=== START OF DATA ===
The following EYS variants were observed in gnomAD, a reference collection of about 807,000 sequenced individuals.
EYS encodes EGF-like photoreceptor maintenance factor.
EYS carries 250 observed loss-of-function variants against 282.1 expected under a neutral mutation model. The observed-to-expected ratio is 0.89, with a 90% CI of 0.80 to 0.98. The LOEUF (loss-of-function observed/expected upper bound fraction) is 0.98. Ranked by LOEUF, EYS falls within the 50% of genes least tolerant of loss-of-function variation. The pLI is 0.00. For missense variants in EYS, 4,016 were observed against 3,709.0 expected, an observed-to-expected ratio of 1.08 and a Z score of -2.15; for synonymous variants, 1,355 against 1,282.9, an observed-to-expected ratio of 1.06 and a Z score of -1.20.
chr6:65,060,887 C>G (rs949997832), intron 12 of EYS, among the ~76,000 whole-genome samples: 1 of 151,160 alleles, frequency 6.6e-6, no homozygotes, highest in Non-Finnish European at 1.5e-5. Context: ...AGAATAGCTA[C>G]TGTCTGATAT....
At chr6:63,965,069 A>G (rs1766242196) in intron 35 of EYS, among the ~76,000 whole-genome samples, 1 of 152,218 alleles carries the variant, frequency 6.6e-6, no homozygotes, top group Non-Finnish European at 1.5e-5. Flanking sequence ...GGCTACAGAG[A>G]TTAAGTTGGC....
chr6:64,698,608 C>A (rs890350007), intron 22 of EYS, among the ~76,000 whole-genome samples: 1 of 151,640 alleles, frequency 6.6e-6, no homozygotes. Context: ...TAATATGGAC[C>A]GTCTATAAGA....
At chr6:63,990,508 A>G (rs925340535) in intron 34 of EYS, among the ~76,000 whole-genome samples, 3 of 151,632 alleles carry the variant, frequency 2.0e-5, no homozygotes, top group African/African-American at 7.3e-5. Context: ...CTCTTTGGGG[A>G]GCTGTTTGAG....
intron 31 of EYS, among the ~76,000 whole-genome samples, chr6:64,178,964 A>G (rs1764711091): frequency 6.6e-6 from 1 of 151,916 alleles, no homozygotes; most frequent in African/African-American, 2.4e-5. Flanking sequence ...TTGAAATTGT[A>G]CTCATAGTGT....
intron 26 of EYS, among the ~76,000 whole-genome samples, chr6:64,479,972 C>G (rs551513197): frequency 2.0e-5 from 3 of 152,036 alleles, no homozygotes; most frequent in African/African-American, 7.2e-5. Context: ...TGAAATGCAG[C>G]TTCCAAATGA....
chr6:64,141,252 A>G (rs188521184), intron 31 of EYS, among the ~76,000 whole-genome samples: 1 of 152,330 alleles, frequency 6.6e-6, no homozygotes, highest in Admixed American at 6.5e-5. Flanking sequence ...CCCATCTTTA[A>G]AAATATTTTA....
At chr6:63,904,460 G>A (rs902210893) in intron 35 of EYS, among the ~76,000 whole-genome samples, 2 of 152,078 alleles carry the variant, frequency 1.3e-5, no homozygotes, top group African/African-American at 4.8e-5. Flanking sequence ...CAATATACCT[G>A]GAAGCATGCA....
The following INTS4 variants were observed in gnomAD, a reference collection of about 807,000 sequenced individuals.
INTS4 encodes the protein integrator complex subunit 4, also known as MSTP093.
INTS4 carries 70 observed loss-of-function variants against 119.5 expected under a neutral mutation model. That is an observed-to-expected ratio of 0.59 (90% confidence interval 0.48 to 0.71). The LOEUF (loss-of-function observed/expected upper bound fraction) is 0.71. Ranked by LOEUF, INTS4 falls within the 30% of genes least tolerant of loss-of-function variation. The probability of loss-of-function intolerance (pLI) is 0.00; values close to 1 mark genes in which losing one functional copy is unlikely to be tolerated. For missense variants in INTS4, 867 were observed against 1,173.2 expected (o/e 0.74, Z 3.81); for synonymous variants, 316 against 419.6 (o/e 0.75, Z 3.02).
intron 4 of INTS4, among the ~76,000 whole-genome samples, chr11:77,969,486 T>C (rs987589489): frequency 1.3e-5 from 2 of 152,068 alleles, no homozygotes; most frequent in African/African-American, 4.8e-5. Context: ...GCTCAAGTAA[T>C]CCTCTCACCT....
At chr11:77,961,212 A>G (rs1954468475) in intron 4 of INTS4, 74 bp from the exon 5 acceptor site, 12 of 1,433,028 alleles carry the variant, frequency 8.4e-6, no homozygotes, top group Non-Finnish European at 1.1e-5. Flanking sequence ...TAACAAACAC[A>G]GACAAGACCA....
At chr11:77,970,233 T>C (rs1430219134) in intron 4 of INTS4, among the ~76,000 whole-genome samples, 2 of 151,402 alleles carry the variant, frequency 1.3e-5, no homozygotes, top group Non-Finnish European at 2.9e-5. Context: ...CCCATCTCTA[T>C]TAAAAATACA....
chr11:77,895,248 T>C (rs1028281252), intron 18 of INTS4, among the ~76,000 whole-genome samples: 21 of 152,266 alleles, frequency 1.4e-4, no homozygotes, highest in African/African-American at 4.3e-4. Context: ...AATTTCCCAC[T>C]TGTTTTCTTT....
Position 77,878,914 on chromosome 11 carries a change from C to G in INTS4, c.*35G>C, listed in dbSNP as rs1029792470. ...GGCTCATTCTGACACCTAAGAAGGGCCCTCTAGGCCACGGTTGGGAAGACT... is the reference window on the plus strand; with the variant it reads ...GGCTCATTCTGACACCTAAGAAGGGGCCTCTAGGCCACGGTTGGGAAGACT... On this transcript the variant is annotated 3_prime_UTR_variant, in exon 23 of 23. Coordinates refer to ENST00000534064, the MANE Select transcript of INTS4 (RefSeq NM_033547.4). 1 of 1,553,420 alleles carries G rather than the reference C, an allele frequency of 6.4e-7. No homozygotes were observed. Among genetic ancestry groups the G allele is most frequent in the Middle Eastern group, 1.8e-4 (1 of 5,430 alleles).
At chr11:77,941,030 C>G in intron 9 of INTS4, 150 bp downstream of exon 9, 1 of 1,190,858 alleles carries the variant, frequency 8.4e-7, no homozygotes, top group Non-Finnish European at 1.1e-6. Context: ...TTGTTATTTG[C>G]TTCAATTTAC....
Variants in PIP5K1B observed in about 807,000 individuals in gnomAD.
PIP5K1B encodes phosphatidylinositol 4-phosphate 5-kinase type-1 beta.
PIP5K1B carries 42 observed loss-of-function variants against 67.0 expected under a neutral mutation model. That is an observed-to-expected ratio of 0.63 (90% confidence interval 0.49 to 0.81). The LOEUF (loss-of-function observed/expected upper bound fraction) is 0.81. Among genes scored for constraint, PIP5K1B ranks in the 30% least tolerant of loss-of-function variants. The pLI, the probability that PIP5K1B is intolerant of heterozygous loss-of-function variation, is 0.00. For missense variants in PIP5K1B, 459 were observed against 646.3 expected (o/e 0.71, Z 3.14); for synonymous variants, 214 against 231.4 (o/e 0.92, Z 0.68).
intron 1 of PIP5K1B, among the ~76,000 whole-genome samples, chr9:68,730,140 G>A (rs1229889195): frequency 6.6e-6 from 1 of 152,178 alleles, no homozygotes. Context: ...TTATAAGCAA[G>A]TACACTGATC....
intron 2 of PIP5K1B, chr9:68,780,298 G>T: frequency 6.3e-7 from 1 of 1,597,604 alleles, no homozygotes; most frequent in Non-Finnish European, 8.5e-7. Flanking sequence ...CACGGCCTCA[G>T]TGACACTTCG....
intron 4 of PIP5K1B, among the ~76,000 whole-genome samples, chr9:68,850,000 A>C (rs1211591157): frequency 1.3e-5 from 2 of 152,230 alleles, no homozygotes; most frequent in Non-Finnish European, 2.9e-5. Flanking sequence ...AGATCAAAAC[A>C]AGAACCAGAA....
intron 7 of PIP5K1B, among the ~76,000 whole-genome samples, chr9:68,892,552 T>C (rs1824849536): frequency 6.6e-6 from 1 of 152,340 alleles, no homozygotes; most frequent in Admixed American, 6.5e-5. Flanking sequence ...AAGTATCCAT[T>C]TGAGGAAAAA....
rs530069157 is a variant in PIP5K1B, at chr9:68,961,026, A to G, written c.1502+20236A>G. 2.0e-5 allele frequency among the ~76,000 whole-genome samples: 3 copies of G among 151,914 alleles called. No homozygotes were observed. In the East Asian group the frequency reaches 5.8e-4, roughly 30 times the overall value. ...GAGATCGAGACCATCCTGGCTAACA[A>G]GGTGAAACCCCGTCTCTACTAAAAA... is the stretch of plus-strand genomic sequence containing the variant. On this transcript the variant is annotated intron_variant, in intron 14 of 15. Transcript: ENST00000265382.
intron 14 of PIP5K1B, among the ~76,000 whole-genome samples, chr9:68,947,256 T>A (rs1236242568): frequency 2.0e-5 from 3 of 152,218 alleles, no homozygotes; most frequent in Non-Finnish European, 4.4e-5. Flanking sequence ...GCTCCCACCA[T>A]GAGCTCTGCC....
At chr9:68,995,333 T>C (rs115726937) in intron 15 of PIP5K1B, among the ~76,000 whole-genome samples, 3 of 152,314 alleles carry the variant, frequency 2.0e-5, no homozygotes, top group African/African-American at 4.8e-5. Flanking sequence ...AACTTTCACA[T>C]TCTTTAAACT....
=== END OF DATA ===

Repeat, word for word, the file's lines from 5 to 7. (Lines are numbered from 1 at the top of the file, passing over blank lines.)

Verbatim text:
At chr6:63,965,069 A>G (rs1766242196) in intron 35 of EYS, among the ~76,000 whole-genome samples, 1 of 152,218 alleles carries the variant, frequency 6.6e-6, no homozygotes, top group Non-Finnish European at 1.5e-5. Flanking sequence ...GGCTACAGAG[A>G]TTAAGTTGGC....
chr6:64,698,608 C>A (rs890350007), intron 22 of EYS, among the ~76,000 whole-genome samples: 1 of 151,640 alleles, frequency 6.6e-6, no homozygotes. Context: ...TAATATGGAC[C>A]GTCTATAAGA....
At chr6:63,990,508 A>G (rs925340535) in intron 34 of EYS, among the ~76,000 whole-genome samples, 3 of 151,632 alleles carry the variant, frequency 2.0e-5, no homozygotes, top group African/African-American at 7.3e-5. Context: ...CTCTTTGGGG[A>G]GCTGTTTGAG....